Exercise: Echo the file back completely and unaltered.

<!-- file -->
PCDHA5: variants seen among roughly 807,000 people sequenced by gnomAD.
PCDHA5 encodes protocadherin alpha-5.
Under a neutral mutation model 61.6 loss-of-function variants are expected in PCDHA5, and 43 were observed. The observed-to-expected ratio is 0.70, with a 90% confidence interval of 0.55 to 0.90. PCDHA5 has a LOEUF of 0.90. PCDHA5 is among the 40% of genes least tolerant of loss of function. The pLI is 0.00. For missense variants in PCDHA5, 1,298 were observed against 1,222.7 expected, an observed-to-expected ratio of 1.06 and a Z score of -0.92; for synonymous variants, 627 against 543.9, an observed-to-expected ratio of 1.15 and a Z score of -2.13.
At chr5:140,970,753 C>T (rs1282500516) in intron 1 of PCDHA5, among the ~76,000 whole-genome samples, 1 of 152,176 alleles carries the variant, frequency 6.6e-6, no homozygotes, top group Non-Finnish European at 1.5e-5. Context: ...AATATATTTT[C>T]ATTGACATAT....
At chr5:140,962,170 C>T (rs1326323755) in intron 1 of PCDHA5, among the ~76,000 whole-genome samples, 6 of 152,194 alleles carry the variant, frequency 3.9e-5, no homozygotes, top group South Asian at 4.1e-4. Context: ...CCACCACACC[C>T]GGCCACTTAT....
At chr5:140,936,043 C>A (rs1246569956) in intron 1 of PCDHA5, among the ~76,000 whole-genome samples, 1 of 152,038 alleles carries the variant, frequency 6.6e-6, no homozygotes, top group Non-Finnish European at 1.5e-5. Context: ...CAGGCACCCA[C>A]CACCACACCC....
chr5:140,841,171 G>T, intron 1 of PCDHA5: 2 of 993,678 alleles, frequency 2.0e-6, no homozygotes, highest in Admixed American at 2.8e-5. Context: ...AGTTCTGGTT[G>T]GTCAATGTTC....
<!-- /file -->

PCDHA5: variants seen among roughly 807,000 people sequenced by gnomAD.
PCDHA5 encodes protocadherin alpha-5.
Under a neutral mutation model 61.6 loss-of-function variants are expected in PCDHA5, and 43 were observed. The observed-to-expected ratio is 0.70, with a 90% confidence interval of 0.55 to 0.90. PCDHA5 has a LOEUF of 0.90. PCDHA5 is among the 40% of genes least tolerant of loss of function. The pLI is 0.00. For missense variants in PCDHA5, 1,298 were observed against 1,222.7 expected, an observed-to-expected ratio of 1.06 and a Z score of -0.92; for synonymous variants, 627 against 543.9, an observed-to-expected ratio of 1.15 and a Z score of -2.13.
At chr5:140,970,753 C>T (rs1282500516) in intron 1 of PCDHA5, among the ~76,000 whole-genome samples, 1 of 152,176 alleles carries the variant, frequency 6.6e-6, no homozygotes, top group Non-Finnish European at 1.5e-5. Context: ...AATATATTTT[C>T]ATTGACATAT....
At chr5:140,962,170 C>T (rs1326323755) in intron 1 of PCDHA5, among the ~76,000 whole-genome samples, 6 of 152,194 alleles carry the variant, frequency 3.9e-5, no homozygotes, top group South Asian at 4.1e-4. Context: ...CCACCACACC[C>T]GGCCACTTAT....
At chr5:140,936,043 C>A (rs1246569956) in intron 1 of PCDHA5, among the ~76,000 whole-genome samples, 1 of 152,038 alleles carries the variant, frequency 6.6e-6, no homozygotes, top group Non-Finnish European at 1.5e-5. Context: ...CAGGCACCCA[C>A]CACCACACCC....
chr5:140,841,171 G>T, intron 1 of PCDHA5: 2 of 993,678 alleles, frequency 2.0e-6, no homozygotes, highest in Admixed American at 2.8e-5. Context: ...AGTTCTGGTT[G>T]GTCAATGTTC....